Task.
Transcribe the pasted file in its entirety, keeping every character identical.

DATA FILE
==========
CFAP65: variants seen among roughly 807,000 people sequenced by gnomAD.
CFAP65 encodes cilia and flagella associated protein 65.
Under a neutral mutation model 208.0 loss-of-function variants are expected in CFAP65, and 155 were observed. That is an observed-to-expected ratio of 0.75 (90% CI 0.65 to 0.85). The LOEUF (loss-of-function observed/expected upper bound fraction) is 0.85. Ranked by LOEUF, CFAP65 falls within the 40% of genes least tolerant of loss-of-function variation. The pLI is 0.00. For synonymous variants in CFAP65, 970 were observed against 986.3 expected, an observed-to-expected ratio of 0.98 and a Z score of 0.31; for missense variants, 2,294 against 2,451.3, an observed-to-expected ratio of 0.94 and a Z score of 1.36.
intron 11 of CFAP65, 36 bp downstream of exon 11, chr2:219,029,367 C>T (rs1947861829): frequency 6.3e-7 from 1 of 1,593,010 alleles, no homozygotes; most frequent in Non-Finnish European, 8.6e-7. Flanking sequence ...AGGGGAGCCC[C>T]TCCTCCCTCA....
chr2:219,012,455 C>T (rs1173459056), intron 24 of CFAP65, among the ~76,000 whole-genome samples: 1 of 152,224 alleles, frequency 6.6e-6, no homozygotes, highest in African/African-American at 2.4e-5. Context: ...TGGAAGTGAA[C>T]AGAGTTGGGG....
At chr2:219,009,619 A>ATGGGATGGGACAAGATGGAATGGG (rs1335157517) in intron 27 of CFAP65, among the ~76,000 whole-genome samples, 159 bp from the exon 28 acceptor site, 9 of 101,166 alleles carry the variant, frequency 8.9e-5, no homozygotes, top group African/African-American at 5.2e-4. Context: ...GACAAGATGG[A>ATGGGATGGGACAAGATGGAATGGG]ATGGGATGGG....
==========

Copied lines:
CFAP65: variants seen among roughly 807,000 people sequenced by gnomAD.
CFAP65 encodes cilia and flagella associated protein 65.
Under a neutral mutation model 208.0 loss-of-function variants are expected in CFAP65, and 155 were observed. That is an observed-to-expected ratio of 0.75 (90% CI 0.65 to 0.85). The LOEUF (loss-of-function observed/expected upper bound fraction) is 0.85. Ranked by LOEUF, CFAP65 falls within the 40% of genes least tolerant of loss-of-function variation. The pLI is 0.00. For synonymous variants in CFAP65, 970 were observed against 986.3 expected, an observed-to-expected ratio of 0.98 and a Z score of 0.31; for missense variants, 2,294 against 2,451.3, an observed-to-expected ratio of 0.94 and a Z score of 1.36.
intron 11 of CFAP65, 36 bp downstream of exon 11, chr2:219,029,367 C>T (rs1947861829): frequency 6.3e-7 from 1 of 1,593,010 alleles, no homozygotes; most frequent in Non-Finnish European, 8.6e-7. Flanking sequence ...AGGGGAGCCC[C>T]TCCTCCCTCA....
chr2:219,012,455 C>T (rs1173459056), intron 24 of CFAP65, among the ~76,000 whole-genome samples: 1 of 152,224 alleles, frequency 6.6e-6, no homozygotes, highest in African/African-American at 2.4e-5. Context: ...TGGAAGTGAA[C>T]AGAGTTGGGG....
At chr2:219,009,619 A>ATGGGATGGGACAAGATGGAATGGG (rs1335157517) in intron 27 of CFAP65, among the ~76,000 whole-genome samples, 159 bp from the exon 28 acceptor site, 9 of 101,166 alleles carry the variant, frequency 8.9e-5, no homozygotes, top group African/African-American at 5.2e-4. Context: ...GACAAGATGG[A>ATGGGATGGGACAAGATGGAATGGG]ATGGGATGGG....